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Festive science image 'a reminder of how medical research keeps us safe'

Last updated

28/11/23

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Winners of our first ever Festive Science Image Competition, run in partnership with the Medical Research Council (MRC), have been announced today.

The 1st place image - 'Cold Comforts' - shows virus particles which resemble microscopic snowflakes.

Offering a timely reminder of how medical research helps to keep us safe over the festive period, the image shows spikes on a SARS-CoV-2 virus particle, which have been bound and neutralised by protective vaccine-induced antibodies.

The competition invited Foundation and MRC-funded researchers, staff and students to produce a science image with direct relevance to medical research, combined with a festive theme.

Our judges, who work in science, medical research, communications and public engagement, were looking for eye-catching, high-quality images, along with a clear explanation for non-scientific audiences.

Three winners were selected, with the 1st place image chosen to feature on the Foundation and MRC's joint Season's Greetings card for 2022.

2023 Festive Science Image Competition

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1st place - Cold Comforts, by Dr Ed Hutchinson, a virology researcher at the MRC-University of Glasgow Centre for Virus Research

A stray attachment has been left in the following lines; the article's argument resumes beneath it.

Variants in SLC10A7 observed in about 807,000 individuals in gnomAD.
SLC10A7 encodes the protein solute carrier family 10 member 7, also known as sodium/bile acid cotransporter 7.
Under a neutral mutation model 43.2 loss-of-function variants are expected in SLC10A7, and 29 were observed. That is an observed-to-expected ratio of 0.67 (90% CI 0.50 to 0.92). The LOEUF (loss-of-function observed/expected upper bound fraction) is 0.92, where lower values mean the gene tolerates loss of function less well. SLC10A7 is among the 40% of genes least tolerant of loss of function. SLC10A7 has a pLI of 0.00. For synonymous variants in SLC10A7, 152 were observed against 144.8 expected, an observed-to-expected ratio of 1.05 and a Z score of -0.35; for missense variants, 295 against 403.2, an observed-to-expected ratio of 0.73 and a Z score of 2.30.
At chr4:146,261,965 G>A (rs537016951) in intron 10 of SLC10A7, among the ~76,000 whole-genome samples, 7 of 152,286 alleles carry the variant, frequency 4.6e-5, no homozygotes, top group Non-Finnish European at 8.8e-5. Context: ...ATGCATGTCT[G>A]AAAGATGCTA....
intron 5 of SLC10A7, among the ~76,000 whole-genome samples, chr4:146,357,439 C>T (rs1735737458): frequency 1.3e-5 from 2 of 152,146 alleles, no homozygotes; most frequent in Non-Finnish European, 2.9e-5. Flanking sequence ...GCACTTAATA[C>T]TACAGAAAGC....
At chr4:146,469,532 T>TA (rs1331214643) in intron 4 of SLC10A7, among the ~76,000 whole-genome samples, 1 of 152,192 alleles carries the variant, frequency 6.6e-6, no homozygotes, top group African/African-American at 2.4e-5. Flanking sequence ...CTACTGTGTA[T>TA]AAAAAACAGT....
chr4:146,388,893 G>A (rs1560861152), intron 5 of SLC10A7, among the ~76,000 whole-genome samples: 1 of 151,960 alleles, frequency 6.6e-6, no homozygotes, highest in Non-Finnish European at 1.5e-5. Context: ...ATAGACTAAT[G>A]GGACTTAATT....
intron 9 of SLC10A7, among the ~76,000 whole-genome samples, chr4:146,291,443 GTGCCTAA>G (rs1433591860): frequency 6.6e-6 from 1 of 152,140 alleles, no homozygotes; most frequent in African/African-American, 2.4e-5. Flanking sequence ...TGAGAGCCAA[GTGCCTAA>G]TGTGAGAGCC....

"These snowflake patterns are a reminder of how medical research helps to keep us safe over the festive period. Vaccine developers are interested in the structures of viruses, many of which resemble microscopic snowflakes. Here, the adenoviruses and lipid nanoparticles which are used to make COVID vaccines swirl around a SARS-CoV-2 virus particle, whose spikes have been bound and neutralised by protective vaccine-induced antibodies.​"

You can download patterns for these, and many other snowflakes showing how medical research protects us from viruses on the MRC-University of Glasgow Centre for Virus Research's website.


2nd place - Candlelight, by Lucia Luengo Gutierrez, a PhD student at the MRC Mitochondrial Biology Unit

"This photograph shows the top view of a candle as observed through diffraction glasses, which splits the candlelight into the multitude of rainbow colours that compose it. This mesmerising image evokes traditional candlelit family dinners and seasonal festivities, a symbol of hope, warmth and nativity. Diffraction has been extensively used in Medicine, for example, to measure the size of our cells and detect abnormalities.​"


Highly commended - Virus Assay Tree, by Dr Elisabetta Groppelli, a virologist at St George’s University of London

"In virology it is crucial to quantify the number of viral particles in a sample. For SARS-CoV-2, this is done with the Plaque Assay. Cells are grown in round dishes dense as tiles on a floor, and sample added. Some cells are infected and die, leaving a 'hole' in the floor. A violet dye stains the surviving cells and the resulting clear patches (virus-induced plaques) are counted."​

"The Plaque Assay looks both terrifying and beautifully encouraging: it shows the killing power of viruses, but also how scientists harness that power as a tool to tackle virus and disease.​​"

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Cold comforts